Why I Won’t Teach My Toddler to Walk

Charlotte@Living Well on the Cheap  —  September 25, 2013 — 20 Comments

Disclaimer: this is not meant as a criticism of anyone else’s parenting, past or present, including and especially the folks who raised us. My background in both education and social work have informed my opinions on certain aspects of child-rearing, but it’s just what I believe in and what works for our family. This is meant to explain my choices, no more, no less.

Jack is almost fifteen months and still has yet to take his first unassisted steps. He can pull up and walk while holding onto the furniture, but when he really wants to get somewhere he drops to his hands and knees and crawls.

He’s been slow to hit all of his milestones–rolling over, sitting up, and crawling. He did all of them in his own time and I refused to rush him. When he was ten months and still not crawling well meaning folks insisted that I try to teach him how to get around. I didn’t know how to explain my opposition eloquently so I joked about not wanting him to be mobile because it would be more work for me. But it was more than just laziness–it was a parenting decision that I wasn’t able to articulate clearly in the middle of a party or the grocery store checkout or whatever. And now that the months are passing by and everyone wants to know whether he’s walking the topic has been reawakened.

do not do for your children (570x570)

image from here

I believe it’s important for Jack to be allowed to figure things out on his own. It’s a chance to let him learn to take on challenges and self-direct his own learning. These are part of a broader group of skills called executive functioning, something researchers now know is critical to success from elementary school well into adulthood. I won’t be spending a lot of time teaching him shapes, colors, letters, and numbers, either. That’s what kindergarten is for. The preschool years are for learning to focus, use your imagination, think critically, engage in learning, and develop empathy and self-control. None of these skills are anywhere near fully developed by school age, but executive functioning skills at school entry are more predictive of academic (and life!) success than any other measure–including IQ (see links below for more info on this).

do not handicap your children (570x426)

image from here

I’m under no illusions that this one decision to let my kid learn to walk on his own will make or break his ability to self-regulate come kindergarten, but it’s part of a broader approach to parenting that I feel strongly about. Honestly, I’m ready for him to walk. I can’t imagine it’ll be much harder to keep up with him than it already is and it’s getting awfully tiring having to carry him around everywhere. But it’s not about me. Learning to walk may very well be the most monumental accomplishment of these early years and I want him to do it on his own. We’ve got three months left before his crawling is cause for concern and I feel confident that he’ll take his first steps before then. And if he doesn’t we’ll cross that bridge when we come to it.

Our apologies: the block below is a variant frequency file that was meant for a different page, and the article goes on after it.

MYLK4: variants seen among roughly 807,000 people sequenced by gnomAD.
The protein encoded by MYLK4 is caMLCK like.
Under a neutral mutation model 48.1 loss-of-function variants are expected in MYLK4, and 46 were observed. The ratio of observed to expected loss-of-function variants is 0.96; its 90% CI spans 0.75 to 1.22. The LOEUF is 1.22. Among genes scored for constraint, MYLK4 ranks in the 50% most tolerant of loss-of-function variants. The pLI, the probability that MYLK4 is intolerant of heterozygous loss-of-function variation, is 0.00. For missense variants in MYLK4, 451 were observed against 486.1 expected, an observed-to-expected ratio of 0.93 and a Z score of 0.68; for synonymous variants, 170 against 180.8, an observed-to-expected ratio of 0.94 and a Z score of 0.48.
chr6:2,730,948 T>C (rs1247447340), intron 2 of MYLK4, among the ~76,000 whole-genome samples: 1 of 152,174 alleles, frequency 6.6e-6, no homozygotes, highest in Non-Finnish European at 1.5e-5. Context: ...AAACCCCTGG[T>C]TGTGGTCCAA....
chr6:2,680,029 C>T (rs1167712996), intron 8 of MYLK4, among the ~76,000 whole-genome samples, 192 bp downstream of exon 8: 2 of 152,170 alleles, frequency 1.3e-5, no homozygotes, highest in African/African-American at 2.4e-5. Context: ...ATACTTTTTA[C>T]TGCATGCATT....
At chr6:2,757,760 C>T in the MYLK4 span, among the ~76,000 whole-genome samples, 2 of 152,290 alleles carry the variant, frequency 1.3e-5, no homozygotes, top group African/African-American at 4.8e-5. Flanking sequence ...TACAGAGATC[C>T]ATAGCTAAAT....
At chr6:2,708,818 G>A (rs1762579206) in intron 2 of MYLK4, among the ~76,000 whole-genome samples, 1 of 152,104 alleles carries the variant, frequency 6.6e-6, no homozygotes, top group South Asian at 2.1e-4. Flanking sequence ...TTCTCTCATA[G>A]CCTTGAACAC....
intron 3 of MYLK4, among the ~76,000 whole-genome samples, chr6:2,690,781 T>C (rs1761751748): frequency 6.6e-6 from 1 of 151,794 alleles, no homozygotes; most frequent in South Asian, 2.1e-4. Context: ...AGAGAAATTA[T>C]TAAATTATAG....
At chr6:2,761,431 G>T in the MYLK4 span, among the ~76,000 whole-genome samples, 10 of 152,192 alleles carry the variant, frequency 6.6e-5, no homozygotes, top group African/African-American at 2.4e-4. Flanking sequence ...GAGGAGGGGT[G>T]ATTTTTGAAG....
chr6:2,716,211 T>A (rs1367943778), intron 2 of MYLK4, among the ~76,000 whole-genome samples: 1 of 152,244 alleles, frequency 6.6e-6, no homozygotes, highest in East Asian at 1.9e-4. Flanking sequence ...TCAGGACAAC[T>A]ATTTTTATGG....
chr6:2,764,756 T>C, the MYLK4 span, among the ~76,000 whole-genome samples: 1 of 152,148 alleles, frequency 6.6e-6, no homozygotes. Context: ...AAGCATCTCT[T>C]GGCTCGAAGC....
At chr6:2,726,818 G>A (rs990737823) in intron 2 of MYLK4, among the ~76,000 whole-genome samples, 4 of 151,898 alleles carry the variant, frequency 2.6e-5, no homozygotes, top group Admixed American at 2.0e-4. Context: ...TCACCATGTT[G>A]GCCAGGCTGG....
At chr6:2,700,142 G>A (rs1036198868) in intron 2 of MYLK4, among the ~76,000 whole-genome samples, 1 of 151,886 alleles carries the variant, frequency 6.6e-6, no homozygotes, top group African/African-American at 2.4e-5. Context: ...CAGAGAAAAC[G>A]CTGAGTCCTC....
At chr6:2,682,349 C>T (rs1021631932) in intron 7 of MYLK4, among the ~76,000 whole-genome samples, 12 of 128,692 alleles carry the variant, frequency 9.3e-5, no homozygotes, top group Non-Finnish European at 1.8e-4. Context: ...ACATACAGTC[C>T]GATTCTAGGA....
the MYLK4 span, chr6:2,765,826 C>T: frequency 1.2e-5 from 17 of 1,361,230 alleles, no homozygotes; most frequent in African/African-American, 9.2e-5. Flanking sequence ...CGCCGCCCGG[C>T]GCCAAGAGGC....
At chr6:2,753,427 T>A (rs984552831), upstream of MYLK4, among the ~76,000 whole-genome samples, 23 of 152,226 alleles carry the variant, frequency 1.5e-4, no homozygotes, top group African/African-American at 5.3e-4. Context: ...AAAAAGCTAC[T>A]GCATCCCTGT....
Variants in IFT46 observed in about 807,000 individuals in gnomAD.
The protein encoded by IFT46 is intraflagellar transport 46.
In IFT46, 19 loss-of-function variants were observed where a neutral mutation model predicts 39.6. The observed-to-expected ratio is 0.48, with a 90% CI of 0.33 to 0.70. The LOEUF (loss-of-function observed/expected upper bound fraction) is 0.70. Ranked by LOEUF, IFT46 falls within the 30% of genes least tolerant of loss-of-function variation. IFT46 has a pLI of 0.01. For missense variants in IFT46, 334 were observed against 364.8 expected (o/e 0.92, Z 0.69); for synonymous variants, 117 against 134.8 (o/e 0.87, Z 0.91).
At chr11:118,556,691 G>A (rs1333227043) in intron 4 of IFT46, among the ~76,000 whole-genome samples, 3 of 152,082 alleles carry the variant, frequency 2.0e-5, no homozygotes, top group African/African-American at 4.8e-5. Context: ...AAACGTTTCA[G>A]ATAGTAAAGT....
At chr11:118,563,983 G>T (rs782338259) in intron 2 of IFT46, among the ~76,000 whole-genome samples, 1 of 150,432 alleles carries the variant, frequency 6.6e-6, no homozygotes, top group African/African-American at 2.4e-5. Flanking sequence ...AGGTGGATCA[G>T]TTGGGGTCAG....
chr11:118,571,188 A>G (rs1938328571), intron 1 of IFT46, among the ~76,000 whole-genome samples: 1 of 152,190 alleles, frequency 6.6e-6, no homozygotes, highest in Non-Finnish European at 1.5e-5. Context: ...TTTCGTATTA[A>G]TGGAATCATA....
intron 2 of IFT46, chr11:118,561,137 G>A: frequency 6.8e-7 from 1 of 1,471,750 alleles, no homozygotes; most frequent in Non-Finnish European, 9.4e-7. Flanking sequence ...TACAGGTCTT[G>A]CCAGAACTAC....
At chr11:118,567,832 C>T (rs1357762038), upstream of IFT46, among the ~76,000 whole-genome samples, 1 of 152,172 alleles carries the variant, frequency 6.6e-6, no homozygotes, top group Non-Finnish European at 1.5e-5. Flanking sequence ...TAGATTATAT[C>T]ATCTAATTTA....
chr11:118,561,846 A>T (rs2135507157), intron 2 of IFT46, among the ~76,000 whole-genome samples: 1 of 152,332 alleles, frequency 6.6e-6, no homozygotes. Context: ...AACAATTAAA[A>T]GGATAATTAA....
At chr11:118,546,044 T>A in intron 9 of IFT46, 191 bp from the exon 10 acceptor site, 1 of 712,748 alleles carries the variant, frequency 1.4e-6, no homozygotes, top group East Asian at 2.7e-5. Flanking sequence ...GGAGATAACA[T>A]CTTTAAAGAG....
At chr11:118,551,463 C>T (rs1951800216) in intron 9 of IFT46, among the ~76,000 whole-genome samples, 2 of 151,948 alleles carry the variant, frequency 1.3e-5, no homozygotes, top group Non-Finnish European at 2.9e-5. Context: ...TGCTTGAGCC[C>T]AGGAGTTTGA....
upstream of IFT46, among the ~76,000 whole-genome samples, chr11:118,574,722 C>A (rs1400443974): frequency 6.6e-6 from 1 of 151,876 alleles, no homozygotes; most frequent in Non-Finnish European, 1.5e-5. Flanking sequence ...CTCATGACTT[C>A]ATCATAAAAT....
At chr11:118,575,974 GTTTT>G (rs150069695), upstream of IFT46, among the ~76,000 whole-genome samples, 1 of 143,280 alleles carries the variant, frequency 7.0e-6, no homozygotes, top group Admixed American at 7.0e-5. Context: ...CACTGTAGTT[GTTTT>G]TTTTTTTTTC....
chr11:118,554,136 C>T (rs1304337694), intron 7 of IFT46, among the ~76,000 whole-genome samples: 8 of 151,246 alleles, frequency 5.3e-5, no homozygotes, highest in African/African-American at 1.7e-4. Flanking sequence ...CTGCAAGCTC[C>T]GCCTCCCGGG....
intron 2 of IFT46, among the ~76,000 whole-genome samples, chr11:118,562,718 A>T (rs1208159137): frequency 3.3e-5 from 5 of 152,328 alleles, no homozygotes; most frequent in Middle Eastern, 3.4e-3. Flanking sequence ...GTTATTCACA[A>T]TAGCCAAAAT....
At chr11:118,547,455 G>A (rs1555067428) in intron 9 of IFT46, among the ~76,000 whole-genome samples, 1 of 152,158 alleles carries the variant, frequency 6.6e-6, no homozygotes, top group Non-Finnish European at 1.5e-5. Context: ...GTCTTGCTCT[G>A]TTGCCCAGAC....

Again, please don’t take offense if you’ve chosen differently with your own kids. This is not at all intended to tell other people what they should or should not do. I do a much better job of expressing myself through writing than when speaking and this is the best way I know how to explain to the world at large that I’m not dooming my son to crawl forever because I’m lazy. Thank you for reading and for always being so supportive and wonderful in general. I love y’all!

Here are some excellent articles about executive functioning if you’re interested in learning more:

Executive Function Skills Predict Children’s Success in Life and in School

Can the Right Kinds of Play Teach Self-Control?

Relations between Preschool Attention Span-Persistence and Age 25 Educational Outcomes

From External Regulation to Self-Regulation: Early Parenting Precursors of Young Children’s Executive Functioning

Executive Functioning as a Predictor of Children’s Mathematics Ability: Inhibition, Switching, and Working Memory

From Neurons to Neighborhoods: The Science of Early Childhood Development

Charlotte@Living Well on the Cheap

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20 responses to Why I Won’t Teach My Toddler to Walk

  1. Thanks for posting this! I just started following your blog a few weeks ago and I really love it :) I feel like I am always doing my best to be a good mother… until someone else has an opinion! Then you always feel like you have to explain yourself. I hate that! Our son is 16 months and was slow for many things too. But he is FINE! Happy & Healthy ~ trust your own advice to let him learn on his own. And try not to jump down others’ throats every time they feel the need to comment (that’s my own advice to myself!) Mommy knows best :) Best of luck, it’s a fun time & it gets better every day!